TurkishÃ¢â‚¬™s freighters come via Almaty to India. Ã¢â‚¬Å“We have a lot of incoming load to Almaty from Central Europe and other parts of the world,Ã¢â‚¬Â said Lise. Ã¢â‚¬Å“Unfortunately there is not much load to India. Therefore, we are flying to New Delhi via Almaty in order to support the load factor and revenue to India on freighters.Ã¢â‚¬Â
He was candid when he said that in comparison to India, Ã¢â‚¬Å“we get much better pricing from Central Europe to AlmatyÃ¢â‚¬Â. India, he pointed out, Ã¢â‚¬Å“is a very challenging country on pricing especially on inbound as there is somuch of capacity available.Ã¢â‚¬Â Despite this, he said, Turkish was keen toexplore more opportunities in thecountry.
IstanbulÃ¢â‚¬™s hub potential
Other than Indian destinations on Turkish CargoÃ¢â‚¬™s radar, Lise said that growth in volumes/revenue would come once the full potential of Istanbul as a hub is recognised.
Ã¢â‚¬Å“As far as cargo is concerned we have an advantage over passenger. IstanbulÃ¢â‚¬™s position is unique. Located between Asia and Europe, between Europe and the Middle East, between Europe and North Africa, between CIS countries and North Africa or the Middle East; Turkey is in the centre.Ã¢â‚¬Â
The air cargo traffic flow is mostly from the Far East to the US, Europe or within Europe and all of this traffic circulation intercepts with Turkey. As for Turkish Airlines cargo traffic figures, Ã¢â‚¬Å“more than 45 per cent of the traffic is transiting through Turkey. The rest 55 per cent of air cargo traffic comprises 25 per cent export and 30 per cent import.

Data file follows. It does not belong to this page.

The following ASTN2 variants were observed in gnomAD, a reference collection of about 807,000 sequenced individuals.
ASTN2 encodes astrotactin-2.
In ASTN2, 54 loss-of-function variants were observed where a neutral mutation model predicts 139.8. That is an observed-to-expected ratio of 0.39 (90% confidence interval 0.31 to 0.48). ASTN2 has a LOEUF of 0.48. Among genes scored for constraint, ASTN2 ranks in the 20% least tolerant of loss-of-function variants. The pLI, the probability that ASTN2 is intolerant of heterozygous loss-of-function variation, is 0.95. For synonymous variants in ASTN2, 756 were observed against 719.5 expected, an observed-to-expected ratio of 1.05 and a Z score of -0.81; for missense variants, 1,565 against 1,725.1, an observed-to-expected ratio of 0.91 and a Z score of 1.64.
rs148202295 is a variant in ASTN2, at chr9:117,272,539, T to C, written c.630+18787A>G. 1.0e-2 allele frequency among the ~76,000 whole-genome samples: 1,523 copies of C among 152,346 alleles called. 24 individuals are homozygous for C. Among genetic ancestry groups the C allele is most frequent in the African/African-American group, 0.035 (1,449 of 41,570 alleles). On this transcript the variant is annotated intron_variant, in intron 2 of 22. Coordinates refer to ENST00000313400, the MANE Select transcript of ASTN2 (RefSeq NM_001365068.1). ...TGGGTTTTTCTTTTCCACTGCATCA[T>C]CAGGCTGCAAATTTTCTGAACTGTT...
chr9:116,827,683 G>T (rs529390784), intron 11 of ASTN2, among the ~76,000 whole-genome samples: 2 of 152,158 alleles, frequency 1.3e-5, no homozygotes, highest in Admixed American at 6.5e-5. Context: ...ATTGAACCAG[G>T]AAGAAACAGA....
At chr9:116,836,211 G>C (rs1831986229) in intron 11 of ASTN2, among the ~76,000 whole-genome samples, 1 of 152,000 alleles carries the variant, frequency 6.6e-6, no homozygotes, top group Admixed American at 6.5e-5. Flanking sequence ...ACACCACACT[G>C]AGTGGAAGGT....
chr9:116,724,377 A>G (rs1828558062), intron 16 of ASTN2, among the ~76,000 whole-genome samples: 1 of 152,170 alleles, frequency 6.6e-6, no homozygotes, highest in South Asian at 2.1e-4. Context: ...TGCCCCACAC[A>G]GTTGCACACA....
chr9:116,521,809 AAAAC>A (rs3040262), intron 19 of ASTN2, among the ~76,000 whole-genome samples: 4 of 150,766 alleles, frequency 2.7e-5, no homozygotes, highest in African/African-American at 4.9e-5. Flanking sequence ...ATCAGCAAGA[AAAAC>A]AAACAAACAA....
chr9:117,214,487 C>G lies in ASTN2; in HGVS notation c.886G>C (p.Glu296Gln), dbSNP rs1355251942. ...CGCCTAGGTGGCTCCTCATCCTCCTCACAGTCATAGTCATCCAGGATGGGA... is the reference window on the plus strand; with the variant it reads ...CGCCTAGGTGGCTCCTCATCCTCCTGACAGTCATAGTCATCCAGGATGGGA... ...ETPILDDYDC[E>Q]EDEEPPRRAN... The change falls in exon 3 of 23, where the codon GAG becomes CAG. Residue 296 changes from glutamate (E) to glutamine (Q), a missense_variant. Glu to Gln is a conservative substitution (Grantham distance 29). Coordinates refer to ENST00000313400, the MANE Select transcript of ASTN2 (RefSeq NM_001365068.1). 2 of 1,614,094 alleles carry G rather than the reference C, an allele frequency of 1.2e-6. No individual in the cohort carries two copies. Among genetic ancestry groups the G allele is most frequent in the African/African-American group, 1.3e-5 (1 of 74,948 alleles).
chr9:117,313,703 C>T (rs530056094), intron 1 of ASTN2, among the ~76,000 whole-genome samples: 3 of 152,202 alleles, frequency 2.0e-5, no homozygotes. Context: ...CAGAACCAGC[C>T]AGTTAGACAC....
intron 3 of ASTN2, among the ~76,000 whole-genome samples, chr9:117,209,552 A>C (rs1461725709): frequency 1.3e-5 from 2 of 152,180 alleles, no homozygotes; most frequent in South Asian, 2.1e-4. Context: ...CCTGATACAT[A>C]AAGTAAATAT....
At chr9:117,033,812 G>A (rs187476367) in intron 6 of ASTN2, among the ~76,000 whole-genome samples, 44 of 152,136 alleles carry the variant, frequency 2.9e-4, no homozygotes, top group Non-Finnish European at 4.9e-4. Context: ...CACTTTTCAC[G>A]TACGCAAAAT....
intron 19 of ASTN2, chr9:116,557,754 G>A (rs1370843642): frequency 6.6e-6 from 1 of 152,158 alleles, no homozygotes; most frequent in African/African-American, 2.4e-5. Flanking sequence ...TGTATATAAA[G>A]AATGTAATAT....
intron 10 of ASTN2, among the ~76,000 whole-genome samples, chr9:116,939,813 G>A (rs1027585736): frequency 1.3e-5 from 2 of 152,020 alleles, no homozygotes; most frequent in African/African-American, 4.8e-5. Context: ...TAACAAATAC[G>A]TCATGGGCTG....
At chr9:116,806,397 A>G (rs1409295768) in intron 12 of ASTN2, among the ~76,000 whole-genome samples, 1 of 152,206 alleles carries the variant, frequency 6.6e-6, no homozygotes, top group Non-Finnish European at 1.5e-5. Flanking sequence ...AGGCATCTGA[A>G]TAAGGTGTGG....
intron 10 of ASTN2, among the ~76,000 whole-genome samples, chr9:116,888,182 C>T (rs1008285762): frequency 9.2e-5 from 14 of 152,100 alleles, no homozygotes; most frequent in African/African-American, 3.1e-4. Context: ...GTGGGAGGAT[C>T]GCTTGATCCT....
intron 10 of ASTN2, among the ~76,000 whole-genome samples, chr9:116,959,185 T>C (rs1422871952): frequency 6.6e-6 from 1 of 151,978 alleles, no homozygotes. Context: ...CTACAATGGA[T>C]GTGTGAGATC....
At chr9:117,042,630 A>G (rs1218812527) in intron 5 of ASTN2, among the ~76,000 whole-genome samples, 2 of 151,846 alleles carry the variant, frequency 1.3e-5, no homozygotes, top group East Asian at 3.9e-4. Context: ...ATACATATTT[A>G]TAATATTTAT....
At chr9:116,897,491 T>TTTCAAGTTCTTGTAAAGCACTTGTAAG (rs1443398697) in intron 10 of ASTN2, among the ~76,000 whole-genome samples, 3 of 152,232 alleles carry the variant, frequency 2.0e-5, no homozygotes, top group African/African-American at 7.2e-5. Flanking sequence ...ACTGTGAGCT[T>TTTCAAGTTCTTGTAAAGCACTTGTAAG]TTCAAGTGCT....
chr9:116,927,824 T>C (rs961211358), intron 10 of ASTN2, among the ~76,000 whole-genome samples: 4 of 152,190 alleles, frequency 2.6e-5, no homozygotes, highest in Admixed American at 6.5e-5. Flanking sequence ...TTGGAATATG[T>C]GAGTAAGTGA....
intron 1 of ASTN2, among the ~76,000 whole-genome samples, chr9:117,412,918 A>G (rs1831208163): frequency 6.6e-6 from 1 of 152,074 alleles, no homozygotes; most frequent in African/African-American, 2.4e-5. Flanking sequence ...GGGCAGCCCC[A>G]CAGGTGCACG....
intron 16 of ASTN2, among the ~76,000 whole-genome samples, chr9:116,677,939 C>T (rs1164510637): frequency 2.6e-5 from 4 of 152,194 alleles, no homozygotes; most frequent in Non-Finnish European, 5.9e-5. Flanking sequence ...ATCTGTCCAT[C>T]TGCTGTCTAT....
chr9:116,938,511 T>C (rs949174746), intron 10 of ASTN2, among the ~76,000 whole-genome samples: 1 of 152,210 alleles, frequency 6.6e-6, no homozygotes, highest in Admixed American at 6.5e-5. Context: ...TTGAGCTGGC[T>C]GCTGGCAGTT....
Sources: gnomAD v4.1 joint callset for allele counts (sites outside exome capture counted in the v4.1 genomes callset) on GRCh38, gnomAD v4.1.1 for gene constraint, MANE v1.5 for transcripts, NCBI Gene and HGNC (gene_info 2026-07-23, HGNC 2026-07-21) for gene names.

Ã¢â‚¬Å“The reason why we are managing this 45 per cent is simply because Istanbul is en route for most of the cargo,Ã¢â‚¬Â said Lise quickly pointing out that Ã¢â‚¬Å“most of the cargo that we get is cleared on the same day or makes its way out within three-four hours at the mostÃ¢â‚¬Â.
Istanbul airport is within four to five hours of more than 70 destinations in Europe, CIS countries, Middle East and North Africa. In addition, TurkishÃ¢â‚¬™s fleet structure gives the carrier the muscle to move: Ã¢â‚¬Å“We have narrow bodies and wide bodies of which the number of narrow bodies is larger than the wide bodies. The reason behind this is the four-hour flying distance within which we are able to serve a wide number of destinations. Instead of offering one big aircraft, we offer smaller aircraft more densely. This gives us so much transit capacity,Ã¢â‚¬Â said Lise.
Operating presently to 115 international and 35 domestic destinations, Lise said that simply means Ã¢â‚¬Å“we have a very good capability. Take Eastern Europe, for example. Terming it Ã¢â‚¬Å“a strange market where there are several small cities within a limited area, Turkish Airlines serves all of these destinations daily. It means we are not only carrying passengers but also cargo.Ã¢â‚¬Â
He was quick to point out that the carrier was nimble enough to boost cargo carrying capacity by inducting one of its four A310 freighters whenever and wherever the need arose. Ã¢â‚¬Å“There are seven big European countries which have cargo potential and Turkish Cargo has scheduled freighter services to those countries,Ã¢â‚¬Â he said.
Currently Turkish Cargo has 20 scheduled freighter destinations including Almaty, Tblisi, Moscow, Tel Aviv, Dubai, Damascus, Amman, Beirut, Cairo, Algiers, and Casablanca.
Since January this year, Turkish Airlines has become a member of Cargo 2000. The membership, said Lise would certainly Ã¢â‚¬Å“lead to improvement of the quality of air cargo service by minimizing irregularities, enable better time management during transportation cycle and will further enhance sustainable and reliable air cargo services throughout the Turkish Airlines networkÃ¢â‚¬Â.
However, for the moment, the cargo chief said, it was still early days and Turkish Cargo was fulfilling many of the requirements for Cargo 2000 and thus unable to provide any indicative figures about how much of a help the membership has been.